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Four-Wheel Drives - All You Need to Know About 4WDs

Welcome to a whole new 4WD world

You’ve seen the ads. Powerful roaring engine, thrilling rugged terrain, adrenaline-fueled adventures… Welcome to the life that awaits you once you own your very own four-wheel drive.

Fearless exploration of the outdoors - that is what four-wheel drives are mostly known for. But what exactly sets a four-wheel drive, also known as a 4WD, 4-wheel drive, or 4x4, apart? What are the advantages and disadvantages of driving a four-wheel drive system? Is it only for off-road trails, or can it be just as sensible a choice for city streets? And what’s the difference between an AWD vs 4WD, or is it the same thing?

In this blog article, we unlock the capabilities and allure of these all-terrain dominators, and help you decide if the grass truly is greener on the 4WD side.

What is a 4WD?

A 4WD vehicle has a special system that allows all four wheels to receive power from the engine. 

Normally, in regular two-wheel drive (2WD) cars, only two wheels are powered, usually in a pair, so either the front wheels pull your car forward (front-wheel drive, or FWD), or the rear wheels push your car forward (rear-wheel drive, or RWD). 

But with four-wheel drive vehicles, all four wheels are powered together to propel the vehicle forward, which makes it more powerful.

This special feature makes 4WD vehicles really good at driving on rough or slippery surfaces, like dirt roads, mud, snow, or rocky terrains. It provides better grip and control, which means they can go to places where regular cars might struggle.

In the same way a horse is probably better built for trotting in nature than we are with our two wobbly legs, a 4WD is more stable and capable of driving in challenging conditions.

What are the advantages of 4WD vehicles?

Driving a 4WD vehicle offers several advantages, especially if you’re regularly driving in environments where they excel.

1. Off-Road Capability

4WD vehicles are specially designed to handle rough terrains and challenging off-road conditions. Road trips through rocky trails that are otherwise an issue for normal sedans, for example, are no issue at all for 4WDs. This is one of the top reasons why 4WDs are popular amongst drivers who like taking journeys to remote destinations in nature.

2. Improved Traction

Delivering power to all four wheels means 4WD vehicles offer better traction on slippery or uneven surfaces, such as wet roads, icy conditions, or gravel. This enhanced grip enhances safety and stability, even in adverse weather.

3. Safety

The added traction and stability in 4WD vehicles can reduce the risk of accidents and provide drivers with more control in challenging driving situations. Four-wheel drives also tend to have a sturdier frame to protect their occupants in the event of a crash.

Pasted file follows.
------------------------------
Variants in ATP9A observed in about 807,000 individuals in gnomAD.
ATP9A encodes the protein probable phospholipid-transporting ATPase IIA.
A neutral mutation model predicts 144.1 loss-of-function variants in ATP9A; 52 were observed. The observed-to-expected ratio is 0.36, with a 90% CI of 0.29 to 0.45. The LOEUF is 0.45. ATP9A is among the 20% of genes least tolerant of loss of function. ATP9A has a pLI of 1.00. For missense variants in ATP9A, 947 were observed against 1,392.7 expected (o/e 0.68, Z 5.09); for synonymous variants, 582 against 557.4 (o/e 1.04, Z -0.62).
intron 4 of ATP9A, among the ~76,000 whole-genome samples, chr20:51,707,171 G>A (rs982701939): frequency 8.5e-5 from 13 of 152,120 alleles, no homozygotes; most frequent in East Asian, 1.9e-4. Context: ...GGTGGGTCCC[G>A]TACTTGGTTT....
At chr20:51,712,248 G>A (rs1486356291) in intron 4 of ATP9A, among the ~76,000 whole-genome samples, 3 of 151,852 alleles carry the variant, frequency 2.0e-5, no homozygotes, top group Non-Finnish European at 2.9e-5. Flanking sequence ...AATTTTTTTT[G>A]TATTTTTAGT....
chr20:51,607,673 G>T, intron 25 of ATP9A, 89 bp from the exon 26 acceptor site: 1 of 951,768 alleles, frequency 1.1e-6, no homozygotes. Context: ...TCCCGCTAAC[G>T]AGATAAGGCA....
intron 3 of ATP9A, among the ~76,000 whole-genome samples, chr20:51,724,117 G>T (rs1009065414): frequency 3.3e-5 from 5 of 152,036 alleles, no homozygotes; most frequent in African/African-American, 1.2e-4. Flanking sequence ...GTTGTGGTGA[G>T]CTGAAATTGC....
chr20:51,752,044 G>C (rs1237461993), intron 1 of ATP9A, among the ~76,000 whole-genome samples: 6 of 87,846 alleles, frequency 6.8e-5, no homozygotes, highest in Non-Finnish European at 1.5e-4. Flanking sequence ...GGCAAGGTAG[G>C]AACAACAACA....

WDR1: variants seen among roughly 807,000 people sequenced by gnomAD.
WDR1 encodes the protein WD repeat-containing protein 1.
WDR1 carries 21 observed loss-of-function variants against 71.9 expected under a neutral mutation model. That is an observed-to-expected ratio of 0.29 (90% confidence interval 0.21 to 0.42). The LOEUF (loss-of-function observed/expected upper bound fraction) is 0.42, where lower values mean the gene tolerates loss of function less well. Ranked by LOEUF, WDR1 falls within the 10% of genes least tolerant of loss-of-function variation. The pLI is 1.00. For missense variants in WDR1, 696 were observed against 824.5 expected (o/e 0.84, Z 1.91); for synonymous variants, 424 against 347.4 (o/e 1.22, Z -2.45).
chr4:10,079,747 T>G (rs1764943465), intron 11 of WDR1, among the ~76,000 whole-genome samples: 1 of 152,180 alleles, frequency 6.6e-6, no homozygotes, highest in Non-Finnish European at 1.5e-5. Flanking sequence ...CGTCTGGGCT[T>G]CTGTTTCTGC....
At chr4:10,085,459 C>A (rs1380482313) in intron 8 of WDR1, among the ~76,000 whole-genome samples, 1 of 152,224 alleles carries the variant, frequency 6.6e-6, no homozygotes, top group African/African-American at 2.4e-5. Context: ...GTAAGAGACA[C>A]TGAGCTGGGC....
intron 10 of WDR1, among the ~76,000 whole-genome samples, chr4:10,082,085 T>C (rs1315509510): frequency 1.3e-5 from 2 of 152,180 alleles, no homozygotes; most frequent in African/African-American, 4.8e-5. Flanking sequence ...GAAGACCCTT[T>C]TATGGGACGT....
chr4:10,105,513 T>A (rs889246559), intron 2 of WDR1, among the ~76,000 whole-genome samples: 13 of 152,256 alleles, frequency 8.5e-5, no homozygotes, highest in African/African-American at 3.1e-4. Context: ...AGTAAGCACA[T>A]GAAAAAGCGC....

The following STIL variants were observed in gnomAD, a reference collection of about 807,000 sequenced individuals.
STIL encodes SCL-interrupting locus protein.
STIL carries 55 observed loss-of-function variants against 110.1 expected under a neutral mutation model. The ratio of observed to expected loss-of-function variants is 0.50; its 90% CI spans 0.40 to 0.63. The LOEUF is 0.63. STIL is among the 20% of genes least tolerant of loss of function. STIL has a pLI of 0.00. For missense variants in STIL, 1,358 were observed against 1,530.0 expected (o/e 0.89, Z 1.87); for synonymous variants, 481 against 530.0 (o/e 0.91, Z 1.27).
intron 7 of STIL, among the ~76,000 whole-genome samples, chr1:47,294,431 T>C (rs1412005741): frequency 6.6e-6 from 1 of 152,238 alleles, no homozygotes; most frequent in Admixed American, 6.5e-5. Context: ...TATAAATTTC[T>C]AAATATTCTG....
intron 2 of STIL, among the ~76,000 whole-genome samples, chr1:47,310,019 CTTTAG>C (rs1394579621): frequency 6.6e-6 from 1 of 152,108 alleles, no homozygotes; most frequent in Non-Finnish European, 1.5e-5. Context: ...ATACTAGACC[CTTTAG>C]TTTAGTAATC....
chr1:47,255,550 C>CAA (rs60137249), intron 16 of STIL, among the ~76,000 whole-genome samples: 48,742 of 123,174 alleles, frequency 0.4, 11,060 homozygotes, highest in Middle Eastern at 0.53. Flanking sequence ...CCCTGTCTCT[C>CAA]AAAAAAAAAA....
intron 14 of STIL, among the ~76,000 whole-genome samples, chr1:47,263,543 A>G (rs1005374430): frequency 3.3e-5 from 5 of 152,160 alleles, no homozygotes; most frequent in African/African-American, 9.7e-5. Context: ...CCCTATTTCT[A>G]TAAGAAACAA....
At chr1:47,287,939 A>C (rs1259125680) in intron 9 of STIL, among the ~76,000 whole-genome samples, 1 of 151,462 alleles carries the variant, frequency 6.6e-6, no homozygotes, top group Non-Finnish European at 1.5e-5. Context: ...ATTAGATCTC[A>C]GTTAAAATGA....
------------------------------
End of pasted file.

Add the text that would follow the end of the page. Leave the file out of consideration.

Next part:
4. Towing Capacity

Thanks to their additional power, 4WD vehicles often have higher towing capacities compared to 2WD vehicles. This makes them ideal for pulling motorhomes, trailers, boats, or other heavy loads.

5. Versatility

4WD vehicles are versatile and can adapt to different driving conditions. Whether it's off-road adventures, towing heavy loads, or simply navigating through rough urban streets, it can give drivers peace of mind knowing that their vehicle is capable of handling anything.

6. All-Season Performance

In countries with four seasons, driving in summer and driving in winter can be completely different experiences. 4WD vehicles can be reliable all-year-round, thanks to their ability to handle different road conditions no matter the season.

7. Resale Value

This is less about performance and more about dollars and cents. 4WD vehicles tend to hold their value well, especially in regions where off-road driving or harsh weather conditions are common. This can make them a better long-term investment as compared to 2WD cars.

4x4 vehicles are sturdier, heavier, and capable of supporting loads such as tents or towing campers.

Are 4WDs only good for off-road driving?

No, 4WD vehicles are not just for the great outdoors. They can also be beneficial in cities and urban environments for various reasons:

1. Weather Conditions

In cities with frequent rain, mud, snow, or icy conditions, 4WD vehicles offer better traction on slippery roads.

2. Busy Traffic

4WDs provide better stability, especially during sudden braking or when taking sharp turns, which is sometimes necessary in busy city traffic.

3. Road Conditions

4WD vehicles can handle various road conditions, such as potholes, uneven roads, and other obstacles commonly found in urban environments.

4. Flooded Roads

During heavy rain and flooding, 4WDs can traverse through waterlogged streets that may otherwise be inaccessible to regular 2WD vehicles. Their higher ground clearance also means less risk of water damage to the engine.

A river crossing is probably not something you’d think to take your sedan through but water is no enemy for a 4WD vehicle.

What are some disadvantages of 4WD vehicles?

Of course, as advantageous as 4WDs are, there are also a few drawbacks to consider:

1. Fuel Inefficiency

4WD vehicles use a lot of power, and all that extra power has to come from somewhere, so 4WD cars tend to guzzle more fuel than 2WD cars. This lower fuel economy can lead to higher running costs of owning a vehicle.

2. More Expensive

Owning a 4WD is sometimes even somewhat of a status symbol, simply because they demand a higher upfront cost than regular 2WD cars. 

3. Increased Maintenance Costs

The intricate nature of 4WD drivetrain systems can lead to higher maintenance costs. Regular maintenance of components like transfer cases, differentials, and front and rear axles can be more expensive than maintaining simpler two-wheel drive systems. 

There may also be fewer workshops that specialise in 4WD vehicles, giving drivers less options, and driving that overall bill higher due to the specialised mechanics required to work on a 4WD.